Last night was the 50th State STAR Student Banquet. I had spent the day as chair of the committee interviewing the eighteen region STAR Students and then having to select the “top” student and the runner-up.
As you can imagine, this is not easy. Brilliant, accomplished, articulate, self-aware, self-confident, and funny, they were all just amazing kids. However, under a system I’ve perfected over the last 20 years of doing this, we reached consensus in not too long a time, and Allen Page of Brookstone is our 2008 State STAR Student; Maylene Xie of Parkview is our runner-up. Incredible kids.
Five or six of the candidates were GHP alums, and it’s always interesting to watch their reaction when they come into the room. They’re fairly sure they’ve seen me before, and they think it might have been at GHP. I was told that I was practically the whole topic of conversation at one lunch table, and indeed as we got up from lunch, I was positively identified as “the kilt guy” and/or “the English country dance guy.” Yes, I said, otherwise known as the assistant program director.
At my lunch table, topics were more varied. GHP came up, but only because none my companions had been participants and they all agreed how incredibly left out they felt when GHPers ran into each other. I noted that at least they, the non-GHPers, were in the vast majority.
I also asked them about their worst teacher, and was regaled with truly horrific stories: the AP teachers who would run errands into town during class; the football coaches who discussed world history not once; and my favorite, the teacher who, after placing Slovakia on the coast and Slovenia next to the Czech Republic (and being queried about that by the STAR at my table), explained petulantly that yes, Czechoslovakia had split up, but then Slovakia had moved. And then refused to be corrected further, even when faced with printed research into the matter.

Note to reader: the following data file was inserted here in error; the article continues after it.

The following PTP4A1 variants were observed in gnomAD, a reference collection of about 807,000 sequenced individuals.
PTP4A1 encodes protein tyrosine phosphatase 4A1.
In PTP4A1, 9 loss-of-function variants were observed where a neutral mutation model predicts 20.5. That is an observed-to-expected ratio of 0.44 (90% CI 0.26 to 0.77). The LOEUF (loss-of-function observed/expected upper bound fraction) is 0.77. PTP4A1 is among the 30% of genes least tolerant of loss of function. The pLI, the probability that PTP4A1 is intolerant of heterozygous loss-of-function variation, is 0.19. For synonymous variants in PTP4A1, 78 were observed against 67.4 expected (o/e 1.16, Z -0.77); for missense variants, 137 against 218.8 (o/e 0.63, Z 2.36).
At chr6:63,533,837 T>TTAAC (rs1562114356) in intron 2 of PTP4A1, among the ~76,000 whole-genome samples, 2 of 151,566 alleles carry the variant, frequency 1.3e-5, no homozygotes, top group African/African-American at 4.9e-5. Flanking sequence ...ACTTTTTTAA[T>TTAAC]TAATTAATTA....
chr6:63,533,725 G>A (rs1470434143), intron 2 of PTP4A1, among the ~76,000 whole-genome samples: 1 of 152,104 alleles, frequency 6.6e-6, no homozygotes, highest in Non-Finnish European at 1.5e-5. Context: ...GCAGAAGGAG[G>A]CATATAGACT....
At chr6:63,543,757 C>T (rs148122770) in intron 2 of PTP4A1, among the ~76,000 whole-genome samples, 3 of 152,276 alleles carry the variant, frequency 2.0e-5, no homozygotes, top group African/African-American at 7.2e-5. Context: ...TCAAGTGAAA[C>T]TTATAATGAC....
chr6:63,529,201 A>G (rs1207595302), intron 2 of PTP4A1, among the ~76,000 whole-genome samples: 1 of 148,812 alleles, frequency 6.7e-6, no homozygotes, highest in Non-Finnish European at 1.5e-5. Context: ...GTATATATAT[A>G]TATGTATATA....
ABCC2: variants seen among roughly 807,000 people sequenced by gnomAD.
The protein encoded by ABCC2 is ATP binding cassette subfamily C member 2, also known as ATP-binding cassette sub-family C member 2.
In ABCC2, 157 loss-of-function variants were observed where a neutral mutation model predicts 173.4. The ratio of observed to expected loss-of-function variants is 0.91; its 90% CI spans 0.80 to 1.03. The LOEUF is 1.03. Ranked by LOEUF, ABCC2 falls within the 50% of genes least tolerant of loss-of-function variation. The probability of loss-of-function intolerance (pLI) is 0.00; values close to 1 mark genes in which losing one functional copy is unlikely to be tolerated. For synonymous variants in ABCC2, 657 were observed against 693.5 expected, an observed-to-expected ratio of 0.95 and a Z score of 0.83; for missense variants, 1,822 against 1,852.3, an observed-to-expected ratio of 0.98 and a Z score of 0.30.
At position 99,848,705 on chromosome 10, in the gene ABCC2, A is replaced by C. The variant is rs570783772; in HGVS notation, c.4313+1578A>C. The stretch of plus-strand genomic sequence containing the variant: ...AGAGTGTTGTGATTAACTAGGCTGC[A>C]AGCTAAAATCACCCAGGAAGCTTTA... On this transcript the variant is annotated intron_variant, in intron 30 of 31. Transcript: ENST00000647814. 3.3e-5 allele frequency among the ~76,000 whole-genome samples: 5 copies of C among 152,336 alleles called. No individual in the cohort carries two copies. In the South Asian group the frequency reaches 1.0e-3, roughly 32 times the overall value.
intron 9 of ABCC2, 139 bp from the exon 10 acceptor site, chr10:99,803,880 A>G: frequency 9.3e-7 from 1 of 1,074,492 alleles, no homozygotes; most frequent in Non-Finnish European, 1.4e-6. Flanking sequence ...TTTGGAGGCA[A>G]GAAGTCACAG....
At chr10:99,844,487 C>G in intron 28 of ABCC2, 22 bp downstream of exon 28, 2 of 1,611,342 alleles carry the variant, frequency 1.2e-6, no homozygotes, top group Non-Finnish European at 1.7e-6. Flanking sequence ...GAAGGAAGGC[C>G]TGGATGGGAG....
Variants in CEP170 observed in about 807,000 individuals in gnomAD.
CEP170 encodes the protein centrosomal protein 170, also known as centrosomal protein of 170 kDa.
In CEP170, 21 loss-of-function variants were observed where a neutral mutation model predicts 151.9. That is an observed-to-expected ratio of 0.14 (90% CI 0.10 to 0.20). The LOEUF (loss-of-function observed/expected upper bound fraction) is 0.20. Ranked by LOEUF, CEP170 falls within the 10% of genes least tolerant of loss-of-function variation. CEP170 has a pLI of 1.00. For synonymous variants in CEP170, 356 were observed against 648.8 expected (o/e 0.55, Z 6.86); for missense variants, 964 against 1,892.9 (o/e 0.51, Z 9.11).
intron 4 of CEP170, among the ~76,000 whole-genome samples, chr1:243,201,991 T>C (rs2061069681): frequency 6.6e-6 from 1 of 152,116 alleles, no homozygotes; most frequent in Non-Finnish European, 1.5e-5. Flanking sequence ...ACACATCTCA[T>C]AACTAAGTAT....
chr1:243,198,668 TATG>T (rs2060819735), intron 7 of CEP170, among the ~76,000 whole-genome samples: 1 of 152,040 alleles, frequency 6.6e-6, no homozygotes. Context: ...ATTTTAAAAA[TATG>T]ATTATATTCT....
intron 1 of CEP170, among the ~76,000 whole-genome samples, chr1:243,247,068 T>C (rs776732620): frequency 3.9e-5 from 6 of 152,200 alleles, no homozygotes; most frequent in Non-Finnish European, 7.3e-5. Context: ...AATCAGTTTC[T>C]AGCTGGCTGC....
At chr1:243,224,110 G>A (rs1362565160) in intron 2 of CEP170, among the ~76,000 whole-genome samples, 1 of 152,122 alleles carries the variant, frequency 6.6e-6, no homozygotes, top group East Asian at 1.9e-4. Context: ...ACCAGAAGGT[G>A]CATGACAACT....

So here we are at the 50th anniversary of the STAR program. Twenty-five years ago, Barbara Ellen Petzen was named State STAR Student, and as a consequence, I was State STAR Teacher. Today, after the committee made our pick, I went back up to my room in the downtown Hilton to chill until the reception and the banquet. I looked out my window on the 22nd floor and saw with a shock that one block away was the Sheraton, where the banquet had been held in 1983. I could not resist. I went downstairs and walked over to the Sheraton.
As I approached, I recognized the whole layout: the circular entrance drive, the lower entrance where we loaded up the STAR Tour bus for an eight-day tour of the state (which we no longer do because of the expense and time). However, when I entered the lobby, it was as I suspected: the whole place has been renovated beyond recognition. The little bar where Ginny and I and Bobby Petzen celebrated before going our separate ways was nowhere to be seen. I didn’t even try going up to find the ballroom where Barbara was announced the top student in the state; I just walked back to the Hilton.
Tempus fugit, and that’s no lie.